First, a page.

2018 November 7
Not much green left in the garden -- a bit of chard, some Chinese cabbage, and a lot of kale. Other than raking and mulching, I don’t have a lot of garden tasks this fall. So, my mind turned to the future as I wandered the yard. I focused on a wood picnic table that is falling apart and it occurred to me that it might be repurposed into a Raised Garden Bed (RGB).
I first saw a RGB in the 1970s in Colorado Springs. An older lady who’d been an avid gardener all of her adult life could no longer knell down to the ground but still wanted to do some hands-on gardening. She did have enough money to hire someone to take over the bulk of the yard duties. So, she had someone make a RBF in the side yard outside her kitchen. I don’t recall the exact dimensions, but it was about 4 ft wide, 8 ft long, and 2 ft high.
Built of hefty lumber, it was easy to sit on the sides and reach all parts of the bed. When she later needed a wheel chair, she could still access her garden. I don’t remember what she grew in her bed, but it was always beautiful and tidy and made her happy!
There are a number of reasons to use a RGB. In addition to ease of access you can control the soil, extend the growing season, and simplify weed and pest control.
The soil in our yard originally ranged from clay to sand. It’s taken many years to improve it. If you install a new RGB, you can add good soil all at once. Several web sites say using light soil allows you to plant seeds closer together since the roots can expand easier and deeper. And, air and water more effectively reach plants than in poor soil.
The soil in a RGB will warm sooner in the spring than ground soil so you can plant earlier. Also, planting above ground level helps tender plants such as nasturtiums avoid freezing due to late frosts. I’ve found this to be true in the various large pots I have around the yard.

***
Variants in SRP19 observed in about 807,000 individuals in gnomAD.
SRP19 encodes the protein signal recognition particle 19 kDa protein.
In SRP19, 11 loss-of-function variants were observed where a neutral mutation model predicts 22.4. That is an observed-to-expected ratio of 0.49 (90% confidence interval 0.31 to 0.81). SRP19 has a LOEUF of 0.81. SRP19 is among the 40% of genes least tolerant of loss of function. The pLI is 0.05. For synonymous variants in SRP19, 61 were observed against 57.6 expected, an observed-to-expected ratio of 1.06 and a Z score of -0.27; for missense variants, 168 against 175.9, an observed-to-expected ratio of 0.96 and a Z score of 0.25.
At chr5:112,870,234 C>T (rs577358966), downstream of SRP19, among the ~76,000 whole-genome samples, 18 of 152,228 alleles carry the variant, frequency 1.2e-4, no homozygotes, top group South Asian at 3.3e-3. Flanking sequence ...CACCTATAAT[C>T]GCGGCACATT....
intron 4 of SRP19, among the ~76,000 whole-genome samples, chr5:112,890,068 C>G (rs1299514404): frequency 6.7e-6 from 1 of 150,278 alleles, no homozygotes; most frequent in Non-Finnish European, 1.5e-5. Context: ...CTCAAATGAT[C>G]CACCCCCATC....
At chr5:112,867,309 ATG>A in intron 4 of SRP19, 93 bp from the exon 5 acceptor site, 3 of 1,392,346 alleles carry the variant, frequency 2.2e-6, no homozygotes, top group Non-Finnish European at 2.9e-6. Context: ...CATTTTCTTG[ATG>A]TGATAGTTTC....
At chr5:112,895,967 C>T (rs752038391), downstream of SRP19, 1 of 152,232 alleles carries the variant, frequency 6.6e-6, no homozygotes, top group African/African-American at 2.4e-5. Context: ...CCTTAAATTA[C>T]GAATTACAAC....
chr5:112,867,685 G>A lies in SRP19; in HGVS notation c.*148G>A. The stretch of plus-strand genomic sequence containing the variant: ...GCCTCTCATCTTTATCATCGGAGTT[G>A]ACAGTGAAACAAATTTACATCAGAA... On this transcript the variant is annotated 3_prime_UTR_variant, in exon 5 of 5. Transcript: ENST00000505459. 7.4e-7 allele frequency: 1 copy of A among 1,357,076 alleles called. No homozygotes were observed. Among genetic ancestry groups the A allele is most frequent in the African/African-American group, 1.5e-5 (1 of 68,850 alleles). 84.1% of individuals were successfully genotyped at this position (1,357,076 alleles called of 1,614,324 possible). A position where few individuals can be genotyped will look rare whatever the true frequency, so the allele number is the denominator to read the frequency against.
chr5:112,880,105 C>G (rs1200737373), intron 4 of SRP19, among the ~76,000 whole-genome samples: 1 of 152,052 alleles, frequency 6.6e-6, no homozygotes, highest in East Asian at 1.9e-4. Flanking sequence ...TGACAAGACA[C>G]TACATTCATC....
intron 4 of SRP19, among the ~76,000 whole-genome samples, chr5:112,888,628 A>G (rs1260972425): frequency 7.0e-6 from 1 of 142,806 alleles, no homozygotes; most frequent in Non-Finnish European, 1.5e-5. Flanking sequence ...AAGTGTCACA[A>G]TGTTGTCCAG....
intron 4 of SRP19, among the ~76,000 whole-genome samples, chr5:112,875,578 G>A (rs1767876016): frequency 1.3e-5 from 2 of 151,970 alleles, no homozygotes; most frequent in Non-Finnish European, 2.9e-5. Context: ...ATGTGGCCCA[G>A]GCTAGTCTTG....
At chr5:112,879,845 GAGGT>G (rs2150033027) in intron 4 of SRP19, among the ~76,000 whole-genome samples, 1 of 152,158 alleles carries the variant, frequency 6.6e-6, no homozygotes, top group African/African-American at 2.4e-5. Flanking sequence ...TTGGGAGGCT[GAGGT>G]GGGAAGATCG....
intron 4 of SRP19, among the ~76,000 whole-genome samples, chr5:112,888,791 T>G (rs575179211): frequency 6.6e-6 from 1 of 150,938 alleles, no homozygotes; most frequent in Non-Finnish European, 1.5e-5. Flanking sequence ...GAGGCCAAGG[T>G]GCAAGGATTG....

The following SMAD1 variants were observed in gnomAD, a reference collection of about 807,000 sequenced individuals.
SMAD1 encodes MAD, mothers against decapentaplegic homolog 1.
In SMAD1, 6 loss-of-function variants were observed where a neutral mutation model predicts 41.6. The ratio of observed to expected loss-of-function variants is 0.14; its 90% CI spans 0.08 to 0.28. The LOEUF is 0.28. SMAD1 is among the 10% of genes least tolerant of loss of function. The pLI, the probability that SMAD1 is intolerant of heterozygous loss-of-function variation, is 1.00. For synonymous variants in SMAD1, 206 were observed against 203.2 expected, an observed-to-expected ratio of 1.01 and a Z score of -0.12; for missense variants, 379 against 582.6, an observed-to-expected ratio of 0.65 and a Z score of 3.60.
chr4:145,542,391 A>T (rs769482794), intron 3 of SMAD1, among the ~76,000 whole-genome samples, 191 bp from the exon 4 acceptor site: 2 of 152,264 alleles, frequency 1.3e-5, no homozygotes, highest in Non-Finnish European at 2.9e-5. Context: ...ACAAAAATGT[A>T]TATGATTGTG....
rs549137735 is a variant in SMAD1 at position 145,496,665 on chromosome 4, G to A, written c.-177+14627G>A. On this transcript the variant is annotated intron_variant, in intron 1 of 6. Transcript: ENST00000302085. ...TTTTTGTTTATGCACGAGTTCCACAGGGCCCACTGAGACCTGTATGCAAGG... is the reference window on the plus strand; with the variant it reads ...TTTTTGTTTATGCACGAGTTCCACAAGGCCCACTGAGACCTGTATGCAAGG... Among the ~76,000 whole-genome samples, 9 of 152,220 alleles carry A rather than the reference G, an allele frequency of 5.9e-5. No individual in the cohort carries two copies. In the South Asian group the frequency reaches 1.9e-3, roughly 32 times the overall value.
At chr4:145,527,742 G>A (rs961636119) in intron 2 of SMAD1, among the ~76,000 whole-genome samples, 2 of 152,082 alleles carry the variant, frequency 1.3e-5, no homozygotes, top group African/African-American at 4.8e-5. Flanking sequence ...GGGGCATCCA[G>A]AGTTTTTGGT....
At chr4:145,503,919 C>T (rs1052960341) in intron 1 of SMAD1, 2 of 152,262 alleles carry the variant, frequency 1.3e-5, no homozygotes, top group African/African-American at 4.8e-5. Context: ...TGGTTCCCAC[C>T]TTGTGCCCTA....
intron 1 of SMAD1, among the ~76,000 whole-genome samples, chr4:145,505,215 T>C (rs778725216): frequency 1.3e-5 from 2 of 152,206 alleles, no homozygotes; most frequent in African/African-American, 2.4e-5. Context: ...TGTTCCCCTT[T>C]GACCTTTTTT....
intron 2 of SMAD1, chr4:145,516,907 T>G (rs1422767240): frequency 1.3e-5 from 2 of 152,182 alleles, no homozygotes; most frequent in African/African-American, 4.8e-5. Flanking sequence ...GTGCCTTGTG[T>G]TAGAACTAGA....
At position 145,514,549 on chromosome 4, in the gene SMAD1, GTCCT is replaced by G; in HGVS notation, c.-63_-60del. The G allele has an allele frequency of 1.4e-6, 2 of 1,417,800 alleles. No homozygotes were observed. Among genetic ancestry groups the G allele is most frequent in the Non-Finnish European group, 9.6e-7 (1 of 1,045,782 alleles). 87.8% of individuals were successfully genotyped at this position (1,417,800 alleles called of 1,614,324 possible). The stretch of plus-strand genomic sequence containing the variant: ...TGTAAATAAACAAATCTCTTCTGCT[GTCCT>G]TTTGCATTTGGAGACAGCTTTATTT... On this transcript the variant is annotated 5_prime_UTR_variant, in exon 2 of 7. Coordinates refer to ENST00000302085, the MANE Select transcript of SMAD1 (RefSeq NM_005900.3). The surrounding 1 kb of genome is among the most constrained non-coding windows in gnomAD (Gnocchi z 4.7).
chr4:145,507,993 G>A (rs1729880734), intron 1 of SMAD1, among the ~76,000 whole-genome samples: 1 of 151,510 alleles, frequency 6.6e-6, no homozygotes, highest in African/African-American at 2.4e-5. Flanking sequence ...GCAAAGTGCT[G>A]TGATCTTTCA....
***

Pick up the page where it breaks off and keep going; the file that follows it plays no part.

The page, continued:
So what are the cons of RGBs? The cost of creation could be a problem. If you can find suitable building materials such as my dilapidated picnic table, the cost of the container is mostly your time. I was surprised at the range of prices and designs I found on the web. You could create custom beds out of concrete and then decorate the exterior with stone. Good examples of this are the new ones along Main at the SLV Regional Medical Center.
At the other end of the price spectrum for purchased containers are galvanized livestock tanks. These are readily available in Alamosa and come in a variety of sizes. Folks consider the material low risk to humans if your bed will be used to grow vegetables. Livestock have been safely drinking water out of them for a long time! It is a good idea to make drainage holes in the bottom so you don’t drown you plants. Another consideration is that thin walled containers may allow the soil to dry out fairly rapidly so you might need to water more than if using thick sided containers.
A less permanent option is to use hay bales. They will decay over time, but are inexpensive and readily available in the San Luis Valley. It would be a good idea to find out how the hay was grown if you are trying to avoid herbicide, disease, and/or weed contamination.
Railroad ties sound like a great idea as they are thick and heavy. However, many are treated with creosote. According to the EPA website, “...Creosote is not approved to treat wood for residential use, including landscaping timbers or garden borders… Creosote is a possible human carcinogen.”
Another material to avoid, according to Joe Lamp’l of the JoeGardener.com website, is tires. He says, if you must “do it only for a season or two at most. Tires are a petroleum-based product. Their rubber degrades in the heat and moisture, and the chemicals incorporate into your soil.”
There are a wide variety of kits available. Just make sure the materials won’t contaminate the soil if you plan to raise food. Also, be aware that moisture and sun exposure can shorten the life of many materials. Some people add plastic liners to retain soil moisture. It should only be used on the sides to avoid drainage problems and should be food-grade polyethylene if you’re growing food.
A future column will discuss filling your RGB with soil, planting, and maintaining.
“Of all the seasons, autumn offers the most to man and requires the least of him.” Hal Borland